Take your prescribed medications. They help your body function optimally and give it what it needs. You deserve them.
Allow yourself to take PRN medications if you are in need.
Hydrate. Try limiting from caffeines, energy drinks, sodas, etc and boost your water intake if needed.
Spend some time with a pet: give them lots of snuggles, pets, walks, grooming, or play with them.
Use a weighted blanket, weighted lap pad, or weighted vest. Apply deep pressure or compression with other items if you don’t have these. Soothe your overstimulated nervous system and feel more rooted and grounded in your body.
Listen to music specifically with earbuds in. Allow yourself a chance to drown out the rest of the world entirely.
Turn on a playlist you’ve made just for these self-care days/moments.
Watch “Try Not to Laugh” or “Try Not to Sing/Dance” Challenge videos on YouTube. You’ll probably accidentally break at least once and that’s half the fun! ;)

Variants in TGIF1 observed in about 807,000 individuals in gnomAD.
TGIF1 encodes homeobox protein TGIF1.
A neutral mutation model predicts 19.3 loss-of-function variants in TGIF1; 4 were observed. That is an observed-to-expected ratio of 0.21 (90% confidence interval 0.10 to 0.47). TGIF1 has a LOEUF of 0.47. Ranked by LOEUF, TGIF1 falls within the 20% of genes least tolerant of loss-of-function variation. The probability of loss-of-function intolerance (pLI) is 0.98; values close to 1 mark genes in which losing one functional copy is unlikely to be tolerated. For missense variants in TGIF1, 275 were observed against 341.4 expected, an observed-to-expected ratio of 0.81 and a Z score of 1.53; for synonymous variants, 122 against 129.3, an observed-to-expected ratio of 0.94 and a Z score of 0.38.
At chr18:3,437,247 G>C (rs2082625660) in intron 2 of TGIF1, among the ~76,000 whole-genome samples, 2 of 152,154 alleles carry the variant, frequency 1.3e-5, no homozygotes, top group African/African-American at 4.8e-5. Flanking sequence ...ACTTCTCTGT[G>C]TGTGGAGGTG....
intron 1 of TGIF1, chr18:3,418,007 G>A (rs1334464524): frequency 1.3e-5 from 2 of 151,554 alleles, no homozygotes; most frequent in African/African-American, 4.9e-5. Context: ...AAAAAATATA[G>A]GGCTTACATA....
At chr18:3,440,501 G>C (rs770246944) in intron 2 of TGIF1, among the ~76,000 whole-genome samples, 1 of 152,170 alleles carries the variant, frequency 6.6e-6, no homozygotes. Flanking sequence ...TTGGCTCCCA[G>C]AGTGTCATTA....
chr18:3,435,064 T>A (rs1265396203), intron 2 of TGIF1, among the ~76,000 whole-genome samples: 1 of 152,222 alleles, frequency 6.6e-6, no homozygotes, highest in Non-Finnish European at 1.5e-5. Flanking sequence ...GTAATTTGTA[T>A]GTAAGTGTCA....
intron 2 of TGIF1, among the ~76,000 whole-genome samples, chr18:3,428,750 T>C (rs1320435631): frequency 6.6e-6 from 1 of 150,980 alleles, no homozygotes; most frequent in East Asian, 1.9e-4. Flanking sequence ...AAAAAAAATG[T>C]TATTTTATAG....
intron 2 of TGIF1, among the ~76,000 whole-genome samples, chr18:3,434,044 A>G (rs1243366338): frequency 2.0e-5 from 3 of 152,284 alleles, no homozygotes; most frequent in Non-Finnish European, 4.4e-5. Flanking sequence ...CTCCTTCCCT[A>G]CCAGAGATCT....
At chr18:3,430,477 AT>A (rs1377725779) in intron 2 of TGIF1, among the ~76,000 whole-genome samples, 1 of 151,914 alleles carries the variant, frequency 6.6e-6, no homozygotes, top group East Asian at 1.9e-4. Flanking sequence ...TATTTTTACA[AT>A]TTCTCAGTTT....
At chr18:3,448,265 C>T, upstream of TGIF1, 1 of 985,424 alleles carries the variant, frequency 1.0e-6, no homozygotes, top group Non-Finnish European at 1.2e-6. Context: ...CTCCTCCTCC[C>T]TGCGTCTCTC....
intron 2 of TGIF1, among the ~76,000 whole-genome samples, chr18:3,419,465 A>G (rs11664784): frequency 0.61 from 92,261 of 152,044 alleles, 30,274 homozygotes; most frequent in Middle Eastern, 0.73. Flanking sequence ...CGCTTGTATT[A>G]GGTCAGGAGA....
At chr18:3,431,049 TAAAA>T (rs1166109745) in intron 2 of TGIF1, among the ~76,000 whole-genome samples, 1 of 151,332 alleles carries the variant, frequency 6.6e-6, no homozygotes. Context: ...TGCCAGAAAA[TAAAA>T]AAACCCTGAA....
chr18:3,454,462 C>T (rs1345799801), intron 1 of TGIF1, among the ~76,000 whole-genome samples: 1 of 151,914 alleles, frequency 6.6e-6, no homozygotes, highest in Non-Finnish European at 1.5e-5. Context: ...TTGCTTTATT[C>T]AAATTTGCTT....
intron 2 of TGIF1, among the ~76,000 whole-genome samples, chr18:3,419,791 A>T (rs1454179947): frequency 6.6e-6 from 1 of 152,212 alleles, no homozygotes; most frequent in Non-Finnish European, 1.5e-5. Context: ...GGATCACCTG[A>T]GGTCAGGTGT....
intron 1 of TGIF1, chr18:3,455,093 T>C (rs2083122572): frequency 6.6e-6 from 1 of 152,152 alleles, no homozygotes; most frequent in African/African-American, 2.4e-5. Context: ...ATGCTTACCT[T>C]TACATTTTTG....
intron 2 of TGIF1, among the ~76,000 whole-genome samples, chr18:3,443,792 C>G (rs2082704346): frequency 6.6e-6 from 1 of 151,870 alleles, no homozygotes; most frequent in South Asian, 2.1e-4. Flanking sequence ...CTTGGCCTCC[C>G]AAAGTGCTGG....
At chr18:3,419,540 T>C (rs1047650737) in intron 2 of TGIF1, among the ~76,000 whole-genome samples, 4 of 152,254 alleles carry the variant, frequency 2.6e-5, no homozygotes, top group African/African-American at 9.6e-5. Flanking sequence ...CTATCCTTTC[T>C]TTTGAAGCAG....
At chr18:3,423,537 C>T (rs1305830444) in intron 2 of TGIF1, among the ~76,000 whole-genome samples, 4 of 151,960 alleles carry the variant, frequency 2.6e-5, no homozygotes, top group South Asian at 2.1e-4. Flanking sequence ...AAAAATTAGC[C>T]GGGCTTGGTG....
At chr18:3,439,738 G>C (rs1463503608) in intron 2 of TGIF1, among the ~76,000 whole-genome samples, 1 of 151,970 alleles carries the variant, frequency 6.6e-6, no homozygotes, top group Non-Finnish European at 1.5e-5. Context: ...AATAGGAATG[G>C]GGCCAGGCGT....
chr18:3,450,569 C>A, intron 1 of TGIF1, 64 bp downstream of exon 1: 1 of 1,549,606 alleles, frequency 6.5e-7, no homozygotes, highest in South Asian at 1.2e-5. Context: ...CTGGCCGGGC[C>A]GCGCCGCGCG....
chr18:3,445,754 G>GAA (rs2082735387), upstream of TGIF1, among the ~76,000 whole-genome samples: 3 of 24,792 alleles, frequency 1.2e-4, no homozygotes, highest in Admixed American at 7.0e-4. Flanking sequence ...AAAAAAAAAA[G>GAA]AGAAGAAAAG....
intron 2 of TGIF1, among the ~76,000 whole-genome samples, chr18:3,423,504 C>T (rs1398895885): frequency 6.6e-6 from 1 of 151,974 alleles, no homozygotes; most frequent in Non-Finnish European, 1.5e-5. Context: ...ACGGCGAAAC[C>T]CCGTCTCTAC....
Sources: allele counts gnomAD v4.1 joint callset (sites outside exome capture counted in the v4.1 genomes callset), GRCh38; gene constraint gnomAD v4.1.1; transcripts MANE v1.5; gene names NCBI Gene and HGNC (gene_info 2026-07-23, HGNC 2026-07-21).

Our go-to favorite: try to laugh without smiling. If nothing else, this video of several trying to do so will bring immediate joy: CLICK!
Watch oddly-satisfying compilations, ASMR videos (if they’re enjoyable/safe for you), or any other sensorily-comforting activities.
Experiment with selfies. Learn to appreciate your self, your skin, your features. Start the journey of being more okay with you. OR! Just take a moment to rock it like you always do.
Make pictures out of your freckles, drawings out of your scars, and beauty from your wrinkles. With intention, practice the act of loving the skin you’re in (in a very non-cheesy, Dove commercial kinda way :) ).